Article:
Annular flow of drilling fluids containing cuttings, i.e., slurry, has not been studied in sufficient detail. Examples of works in the field of annular slurry flow are available in references [1114]. The focus of these studies was to understand the hydrodynamics of the slurry flow in annulus from real-time experiments and to produce empirical models based on data analysis. Recently, different researchers [1517] have used CFD in studying the transportation of slurry in annuli. Ofei [15] examined the effect of the rheological parameters of the carrying fluids on the velocity of solid. Sorgun and Ulker [16] compared the predictions of pressure losses obtained using artificial neural network (ANN) and CFD. Both methods produced comparable results. Sun et al. [17] studied the effects of inclination, rotational speed, and flow rate on the distribution of solid concentration and the frictional pressure loss. Similar to the single-phase annular flow works, most of these CFD studies were limited to the laminar slurry flow conditions.

3. Methods

3.1. CFD Simulation

In the current work, the CFD simulation model of the annular slurry flow is developed using ANSYS Fluent 16.2 platform. Following previous works [1820], a multi-fluid granular model is used to describe the flow behavior of a fluid-solid mixture. The granular version of Eulerian model is selected as the multiphase model (Appendix C). This is because high solid volume fraction is expected to be used for this study and the granular version captures the hydrodynamics of high concentration slurries consisting of varying grain sizes. It allows modeling of multiple separate but interacting phases. The phases can be liquids, gases, or solids in nearly any combination. The Eulerian treatment is used for each phase, in contrast to the Eulerian–Lagrangian treatment that is used for the discrete phase model.

The description of multiphase flow as interpenetrating continua incorporates the concept of phasic volume fractions, which represent the space occupied by each phase. Each phase satisfies the laws of conservation of mass and momentum individually. The conservation equations are modified by averaging the local instantaneous balance for each of the phases [21] or by using the mixture theory approach [22]. A detailed description is available in Appendix A.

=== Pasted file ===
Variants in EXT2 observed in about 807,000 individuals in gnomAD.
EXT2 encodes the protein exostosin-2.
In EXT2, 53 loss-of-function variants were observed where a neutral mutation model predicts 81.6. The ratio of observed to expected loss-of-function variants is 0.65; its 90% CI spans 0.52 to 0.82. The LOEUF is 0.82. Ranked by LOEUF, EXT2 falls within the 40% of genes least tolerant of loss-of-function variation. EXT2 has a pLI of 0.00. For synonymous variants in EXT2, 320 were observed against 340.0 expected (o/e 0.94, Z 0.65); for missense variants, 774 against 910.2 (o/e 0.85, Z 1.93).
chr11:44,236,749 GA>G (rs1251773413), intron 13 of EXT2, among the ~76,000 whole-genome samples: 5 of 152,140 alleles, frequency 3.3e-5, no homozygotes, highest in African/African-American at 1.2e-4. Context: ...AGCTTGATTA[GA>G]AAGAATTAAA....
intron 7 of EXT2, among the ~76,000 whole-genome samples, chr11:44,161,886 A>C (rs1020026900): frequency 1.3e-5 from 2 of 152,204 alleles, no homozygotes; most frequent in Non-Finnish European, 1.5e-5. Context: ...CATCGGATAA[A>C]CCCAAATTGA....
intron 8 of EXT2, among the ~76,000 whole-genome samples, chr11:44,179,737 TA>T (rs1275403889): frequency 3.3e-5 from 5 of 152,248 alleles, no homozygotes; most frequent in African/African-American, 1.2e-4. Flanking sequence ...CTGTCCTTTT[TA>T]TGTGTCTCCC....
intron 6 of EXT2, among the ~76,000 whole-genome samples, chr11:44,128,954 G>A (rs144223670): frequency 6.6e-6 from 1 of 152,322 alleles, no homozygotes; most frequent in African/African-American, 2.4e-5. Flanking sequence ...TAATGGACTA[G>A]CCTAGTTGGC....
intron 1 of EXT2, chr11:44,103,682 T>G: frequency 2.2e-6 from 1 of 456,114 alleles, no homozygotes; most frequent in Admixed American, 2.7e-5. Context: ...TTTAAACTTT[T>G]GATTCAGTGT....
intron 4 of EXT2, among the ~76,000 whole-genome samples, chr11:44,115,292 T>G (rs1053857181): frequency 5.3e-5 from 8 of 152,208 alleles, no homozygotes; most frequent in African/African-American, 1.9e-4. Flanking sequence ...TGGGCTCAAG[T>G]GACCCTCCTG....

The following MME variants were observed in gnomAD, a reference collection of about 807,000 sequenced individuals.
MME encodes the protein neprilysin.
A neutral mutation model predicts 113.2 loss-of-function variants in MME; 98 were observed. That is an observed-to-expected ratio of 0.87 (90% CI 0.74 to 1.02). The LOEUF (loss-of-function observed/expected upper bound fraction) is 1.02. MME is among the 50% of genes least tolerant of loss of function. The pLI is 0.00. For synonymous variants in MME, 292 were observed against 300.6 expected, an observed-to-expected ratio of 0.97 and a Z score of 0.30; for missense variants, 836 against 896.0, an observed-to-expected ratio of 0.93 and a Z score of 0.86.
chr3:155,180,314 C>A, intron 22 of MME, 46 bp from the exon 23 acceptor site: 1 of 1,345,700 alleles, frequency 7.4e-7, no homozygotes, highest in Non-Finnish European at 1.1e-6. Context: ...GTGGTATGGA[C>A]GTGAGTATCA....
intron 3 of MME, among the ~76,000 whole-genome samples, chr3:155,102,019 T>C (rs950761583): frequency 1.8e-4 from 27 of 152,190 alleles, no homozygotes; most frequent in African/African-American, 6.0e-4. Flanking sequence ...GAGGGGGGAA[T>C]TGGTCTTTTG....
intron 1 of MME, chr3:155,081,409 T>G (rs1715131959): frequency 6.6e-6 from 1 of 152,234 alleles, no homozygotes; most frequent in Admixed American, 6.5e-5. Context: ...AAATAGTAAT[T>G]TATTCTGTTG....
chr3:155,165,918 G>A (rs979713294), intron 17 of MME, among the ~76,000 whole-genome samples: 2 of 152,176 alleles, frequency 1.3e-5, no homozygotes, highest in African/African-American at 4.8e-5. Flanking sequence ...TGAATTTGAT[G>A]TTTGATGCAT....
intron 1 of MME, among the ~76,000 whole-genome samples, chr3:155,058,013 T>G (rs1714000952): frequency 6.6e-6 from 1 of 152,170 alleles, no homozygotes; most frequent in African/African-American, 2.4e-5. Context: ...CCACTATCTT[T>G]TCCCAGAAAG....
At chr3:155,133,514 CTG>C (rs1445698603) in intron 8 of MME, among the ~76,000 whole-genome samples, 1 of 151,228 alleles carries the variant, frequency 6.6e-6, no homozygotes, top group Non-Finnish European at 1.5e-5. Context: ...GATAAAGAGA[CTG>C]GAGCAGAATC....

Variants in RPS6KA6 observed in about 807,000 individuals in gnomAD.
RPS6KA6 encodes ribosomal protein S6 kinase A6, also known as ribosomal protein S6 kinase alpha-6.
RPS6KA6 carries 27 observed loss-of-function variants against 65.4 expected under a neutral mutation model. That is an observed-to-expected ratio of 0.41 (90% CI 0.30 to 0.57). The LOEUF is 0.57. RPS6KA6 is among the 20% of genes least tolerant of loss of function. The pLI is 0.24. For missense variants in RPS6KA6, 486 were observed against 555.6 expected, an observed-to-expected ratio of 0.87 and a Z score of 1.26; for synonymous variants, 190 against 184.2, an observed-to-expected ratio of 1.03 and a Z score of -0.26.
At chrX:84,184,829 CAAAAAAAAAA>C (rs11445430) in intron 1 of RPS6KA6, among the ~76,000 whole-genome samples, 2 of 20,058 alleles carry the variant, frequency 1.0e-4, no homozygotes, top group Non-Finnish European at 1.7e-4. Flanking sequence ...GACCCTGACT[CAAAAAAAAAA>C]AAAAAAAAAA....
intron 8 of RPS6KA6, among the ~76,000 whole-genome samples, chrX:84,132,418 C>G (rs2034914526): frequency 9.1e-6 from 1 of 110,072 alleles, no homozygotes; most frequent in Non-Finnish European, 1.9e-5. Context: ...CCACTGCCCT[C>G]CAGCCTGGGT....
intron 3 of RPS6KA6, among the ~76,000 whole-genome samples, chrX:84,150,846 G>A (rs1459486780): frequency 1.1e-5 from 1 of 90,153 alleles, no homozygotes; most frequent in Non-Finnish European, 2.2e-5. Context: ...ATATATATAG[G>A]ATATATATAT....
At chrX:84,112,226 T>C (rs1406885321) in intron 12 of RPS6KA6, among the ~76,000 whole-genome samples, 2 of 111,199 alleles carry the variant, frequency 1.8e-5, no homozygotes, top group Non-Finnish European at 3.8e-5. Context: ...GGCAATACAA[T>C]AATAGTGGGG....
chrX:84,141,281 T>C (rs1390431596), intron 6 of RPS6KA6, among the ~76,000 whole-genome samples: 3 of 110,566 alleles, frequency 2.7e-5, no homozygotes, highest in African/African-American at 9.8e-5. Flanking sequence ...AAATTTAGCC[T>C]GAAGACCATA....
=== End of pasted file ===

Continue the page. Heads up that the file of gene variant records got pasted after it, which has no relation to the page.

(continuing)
For Eulerian multiphase calculations, the phase-coupled SIMPLE (PC-SIMPLE) algorithm is used for the pressure-velocity coupling. PC-SIMPLE is an extension of the SIMPLE algorithm to multiphase flows [23, 24]. The velocities coupled by phases are solved in a segregated fashion. The block algebraic multigrid scheme used by the density-based solver is used to solve a vector equation formed by the velocity components of all phases simultaneously [25]. Then, a pressure correction equation is built based on the total volume continuity. Pressure and velocities are then corrected so as to satisfy the continuity constraints.

To ensure stability and convergence of iterative process, a second-order upwind discretization was used for momentum equation, and first upwind discretization was employed for volume fraction, turbulent kinetic energy, and its dissipation. Upwinding refers to the face value derived from quantities in the cell upstream, or “upwind,” relative to the direction of the normal velocity. When first-order accuracy is desired, quantities at cell faces are determined by assuming that the cell-center values of any field variable represent a cell-average value and hold throughout the entire cell; the face quantities are identical to the cell quantities. Thus, the face value is set equal to the cell-center value of the upstream cell when first-order upwinding is selected. In contrast, when second-order accuracy or second-order upwinding is desired, quantities at cell faces are computed using a multidimensional linear reconstruction approach [26]. In this approach, higher order accuracy is achieved at cell faces through a Taylor series expansion of the cell-centered solution about the cell centroid. The total simulation process is shown in Figure 1.

Figure 1: Simulation process diagram.
3.2. Turbulence Model Selection